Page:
|City of license||Box Elder, South Dakota|
|Broadcast area||Rapid City, South Dakota|
|Slogan||"Today's Best Hits Without The Rap"|
|First air date||March 12, 2008|
|HAAT||137 meters (449 feet)|
(Connoisseur Media Licenses, LLC)
KXMZ (102.7 FM) is a radio station serving the city of Rapid City, South Dakota owned by the broadcasting company Connoisseur Media. Licensed to Box Elder, South Dakota, the station broadcasts a hot AC format under the name "Hits 102.7".
The station became the subject of notoriety in June 2013, when the owners of the internet radio service Pandora announced a deal to purchase the station as a loophole in its disputes with music publishing societies over royalty payments. The purchase was ultimately rejected by the FCC, following objections by ASCAP over the nature of the purchase, and because Pandora did not properly disclose its level of foreign ownership.
Attempted purchase by Pandora
The internet radio service Pandora Radio had historically been in conflicts with ASCAP and BMI over increasing royalty rates for internet radio licenses relating to the service. Pandora had filed a lawsuit against ASCAP in November 2012, alleging that the collection society was charging Pandora higher royalty rates for internet radio than those negotiated by the Radio Music License Committee (a group of broadcasters which includes Clear Channel Communications, owners of the competing service iHeartRadio, along with Cumulus Media and CBS Radio), thus giving terrestrial radio broadcasters preferential treatment. Pandora also believed that it should also be charged lower rates directly from ASCAP because it had reached separate licensing deals with Sony/ATV Music Publishing and EMI Music Publishing.
On June 11, 2013, Pandora Media, the parent company of Pandora Radio, announced via a letter posted on the website of The Hill newspaper by Pandora's assistant general counsel, Christopher Harrison, that it would acquire KXMZ for an undisclosed amount. The purchase of the station serves as both a strategic move and a publicity stunt; Pandora believed that acquiring a terrestrial radio station would allow the service to receive the same internet radio license that the Radio Music License Committee had negotiated, while drawing attention to the fact that broadcast radio stations do not need to pay such royalties. At the same time, Pandora also announced that it was filing a motion in a federal district court claiming that ASCAP was violating an antitrust consent decree issued by the Department of Justice. Alongside the preferential treatment of terrestrial radio companies, Pandora accused ASCAP of violating the decree by allowing its members to individually pull their content from its blanket license, but refusing to indicate which songs would be affected when re-negotiating with a company who did so, leaving Pandora liable for copyright infringement.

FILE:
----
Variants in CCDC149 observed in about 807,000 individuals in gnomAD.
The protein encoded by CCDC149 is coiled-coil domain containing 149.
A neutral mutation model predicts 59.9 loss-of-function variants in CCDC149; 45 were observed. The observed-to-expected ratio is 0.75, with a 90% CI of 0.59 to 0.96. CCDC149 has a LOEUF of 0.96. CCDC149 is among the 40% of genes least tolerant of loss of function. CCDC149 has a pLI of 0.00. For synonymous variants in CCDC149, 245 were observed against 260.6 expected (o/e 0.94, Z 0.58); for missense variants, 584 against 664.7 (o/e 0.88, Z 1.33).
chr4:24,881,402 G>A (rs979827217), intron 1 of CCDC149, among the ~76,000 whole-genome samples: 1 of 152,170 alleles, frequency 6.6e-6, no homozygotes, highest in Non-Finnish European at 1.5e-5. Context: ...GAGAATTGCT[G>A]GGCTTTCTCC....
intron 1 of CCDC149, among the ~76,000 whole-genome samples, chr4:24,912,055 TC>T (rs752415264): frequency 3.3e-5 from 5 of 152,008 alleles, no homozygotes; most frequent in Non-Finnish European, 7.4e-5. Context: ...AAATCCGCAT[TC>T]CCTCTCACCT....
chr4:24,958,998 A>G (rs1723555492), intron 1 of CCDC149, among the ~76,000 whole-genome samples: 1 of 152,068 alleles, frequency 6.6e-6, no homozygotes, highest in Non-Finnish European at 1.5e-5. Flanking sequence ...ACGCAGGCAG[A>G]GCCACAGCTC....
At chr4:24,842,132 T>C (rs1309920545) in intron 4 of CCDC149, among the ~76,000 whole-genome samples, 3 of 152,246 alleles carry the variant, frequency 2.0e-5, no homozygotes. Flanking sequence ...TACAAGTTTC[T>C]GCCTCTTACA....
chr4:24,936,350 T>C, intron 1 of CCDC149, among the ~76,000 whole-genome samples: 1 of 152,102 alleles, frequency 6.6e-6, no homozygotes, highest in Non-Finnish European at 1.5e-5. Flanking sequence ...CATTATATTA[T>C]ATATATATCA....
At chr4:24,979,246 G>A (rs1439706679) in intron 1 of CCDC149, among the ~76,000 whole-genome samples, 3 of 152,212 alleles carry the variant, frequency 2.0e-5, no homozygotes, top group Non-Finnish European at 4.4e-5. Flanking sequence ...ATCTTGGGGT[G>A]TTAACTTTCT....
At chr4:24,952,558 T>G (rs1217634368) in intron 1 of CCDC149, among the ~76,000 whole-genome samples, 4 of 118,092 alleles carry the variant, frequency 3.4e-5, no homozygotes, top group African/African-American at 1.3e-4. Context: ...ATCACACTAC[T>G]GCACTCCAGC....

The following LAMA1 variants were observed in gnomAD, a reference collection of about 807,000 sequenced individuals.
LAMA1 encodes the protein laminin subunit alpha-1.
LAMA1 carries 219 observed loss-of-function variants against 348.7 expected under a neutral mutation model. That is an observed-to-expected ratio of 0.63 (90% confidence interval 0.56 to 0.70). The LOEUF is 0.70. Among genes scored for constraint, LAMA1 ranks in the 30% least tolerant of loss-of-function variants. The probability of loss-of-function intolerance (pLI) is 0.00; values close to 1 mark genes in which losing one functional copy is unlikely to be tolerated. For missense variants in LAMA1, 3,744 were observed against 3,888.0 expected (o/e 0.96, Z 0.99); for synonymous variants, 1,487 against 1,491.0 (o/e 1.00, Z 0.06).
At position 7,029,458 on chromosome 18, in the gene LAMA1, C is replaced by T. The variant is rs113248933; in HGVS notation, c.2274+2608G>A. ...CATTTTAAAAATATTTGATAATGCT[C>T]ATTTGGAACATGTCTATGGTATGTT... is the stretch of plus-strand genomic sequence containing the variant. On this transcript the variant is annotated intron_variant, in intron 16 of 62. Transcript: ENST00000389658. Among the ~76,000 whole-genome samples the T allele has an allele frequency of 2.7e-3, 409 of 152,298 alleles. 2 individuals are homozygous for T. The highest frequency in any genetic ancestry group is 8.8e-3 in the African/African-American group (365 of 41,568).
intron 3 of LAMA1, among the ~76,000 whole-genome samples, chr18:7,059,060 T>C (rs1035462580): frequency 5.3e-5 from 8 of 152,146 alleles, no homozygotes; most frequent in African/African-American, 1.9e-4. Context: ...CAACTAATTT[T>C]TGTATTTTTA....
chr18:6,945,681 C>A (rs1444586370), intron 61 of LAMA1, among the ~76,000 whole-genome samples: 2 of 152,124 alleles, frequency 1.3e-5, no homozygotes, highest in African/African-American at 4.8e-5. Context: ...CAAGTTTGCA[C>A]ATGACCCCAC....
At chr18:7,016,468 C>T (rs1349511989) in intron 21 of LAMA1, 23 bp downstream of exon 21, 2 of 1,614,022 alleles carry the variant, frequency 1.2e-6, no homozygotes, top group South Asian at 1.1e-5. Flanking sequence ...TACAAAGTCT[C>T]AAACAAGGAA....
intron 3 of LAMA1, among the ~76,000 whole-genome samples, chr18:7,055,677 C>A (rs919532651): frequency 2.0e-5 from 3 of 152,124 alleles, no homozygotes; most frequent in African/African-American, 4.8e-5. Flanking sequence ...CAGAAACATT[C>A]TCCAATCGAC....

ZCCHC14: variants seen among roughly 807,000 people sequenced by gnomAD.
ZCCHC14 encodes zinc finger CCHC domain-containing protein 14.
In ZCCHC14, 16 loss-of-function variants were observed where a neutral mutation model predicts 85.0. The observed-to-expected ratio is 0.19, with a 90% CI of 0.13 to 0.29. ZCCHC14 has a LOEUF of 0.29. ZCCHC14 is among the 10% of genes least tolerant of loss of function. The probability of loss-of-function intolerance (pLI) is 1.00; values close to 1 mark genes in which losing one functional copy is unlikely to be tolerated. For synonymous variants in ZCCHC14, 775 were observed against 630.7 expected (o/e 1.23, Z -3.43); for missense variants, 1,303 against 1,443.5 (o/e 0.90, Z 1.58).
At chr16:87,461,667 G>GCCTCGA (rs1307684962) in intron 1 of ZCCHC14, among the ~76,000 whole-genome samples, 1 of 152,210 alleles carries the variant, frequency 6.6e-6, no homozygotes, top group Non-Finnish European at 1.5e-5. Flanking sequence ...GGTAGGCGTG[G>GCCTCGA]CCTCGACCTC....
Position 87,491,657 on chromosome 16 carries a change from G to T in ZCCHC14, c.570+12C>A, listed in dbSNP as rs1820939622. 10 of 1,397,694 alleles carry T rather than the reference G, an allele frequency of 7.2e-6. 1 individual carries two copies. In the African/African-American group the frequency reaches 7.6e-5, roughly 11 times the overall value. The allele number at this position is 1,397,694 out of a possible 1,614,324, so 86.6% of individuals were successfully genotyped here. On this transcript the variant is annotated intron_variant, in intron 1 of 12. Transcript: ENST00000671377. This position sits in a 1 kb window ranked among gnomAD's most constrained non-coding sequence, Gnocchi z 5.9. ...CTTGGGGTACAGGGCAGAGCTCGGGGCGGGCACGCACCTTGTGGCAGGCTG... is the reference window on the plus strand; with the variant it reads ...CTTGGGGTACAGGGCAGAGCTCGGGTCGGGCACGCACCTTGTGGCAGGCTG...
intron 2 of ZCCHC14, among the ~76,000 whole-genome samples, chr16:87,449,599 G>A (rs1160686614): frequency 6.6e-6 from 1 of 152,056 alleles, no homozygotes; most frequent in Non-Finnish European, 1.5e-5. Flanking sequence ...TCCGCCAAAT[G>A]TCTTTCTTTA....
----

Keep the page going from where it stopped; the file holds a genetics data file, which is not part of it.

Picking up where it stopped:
Pandora also stated that the acquisition would be used as a way to apply its music personalization insight (such as the Music Genome Project) to terrestrial radio; under its ownership, KXMZ will broadcast music tailored to reflect local listening habits as gauged by the Pandora service, which the company claimed is used by over 42,000 users in the Rapid City market.
The move was criticized by David Israelite, CEO of the National Music Publishers Association, who declared that Pandora was now "at war with songwriters," and had lost its credibility because it was resorting to "lawsuits and gimmicks" to make its point. However, a member of Public Knowledge praised the move, by stating that it was "a perfect example of the twisted incentives and strange results we get from a music licensing system that is based on who wants a license instead of just what they want to do with the music they’re using."
The purchase application was filed to the FCC on June 20, 2013. The application includes a copy of the sale agreement indicating that Pandora will pay US$600,000 for the station, as well as a local marketing agreement showing that Pandora began operating the station on June 10. However, ASCAP filed a petition to deny the acquisition, arguing that the acquisition would not serve KXMZ's public service obligations because of Pandora's intent for the station as a "bargaining chip" for royalty payments, and also alleged that Pandora did not provide enough information about its ownership structure to prove that less than 25% of the company was owned by foreign interests. On January 14, 2014, the FCC rejected the acquisition, ruling that Pandora failed to "demonstrate adequate support for its foreign ownership compliance certification."
- "Pandora buys FM radio station in a wily move to fight music labels". The Verge. Retrieved 13 June 2013.
- "Pandora Sues ASCAP for Lower Rates". Billboard.biz. Retrieved 13 June 2013.
- Harrison, Christopher (June 11, 2013). "Why Pandora bought an FM radio station". The Hill.
- "Pandora Buys Radio Station to Qualify for Rivals’ Terms". Bloomberg L.P. Retrieved 13 June 2013.
- "CEO of top music publishers' trade group says Pandora is at war with songwriters". The Verge. Retrieved 13 June 2013.
- Griffin, Jodie. "Why Internet Radio Royalties Led Pandora to Buy an FM Radio Station". Public Knowledge. Retrieved 14 June 2013.
- "FCC 314 - APPLICATION FOR CONSENT TO ASSIGNMENT OF BROADCAST STATION CONSTRUCTION PERMIT OR LICENSE - File No. BALH - 20130620ABJ". Federal Communications Commission. 2013-06-20. Retrieved 2013-07-02.
- "FCC Shelves Pandora's Bid For South Dakota Radio Station". Billboard.biz. Retrieved 12 February 2014.
- "Music licensor seeks to block Pandora from running a radio station". The Register. Retrieved 12 February 2014.
- Official website
- Query the FCC's FM station database for KXMZ
- Radio-Locator information on KXMZ
- Query Nielsen Audio's FM station database for KXMZ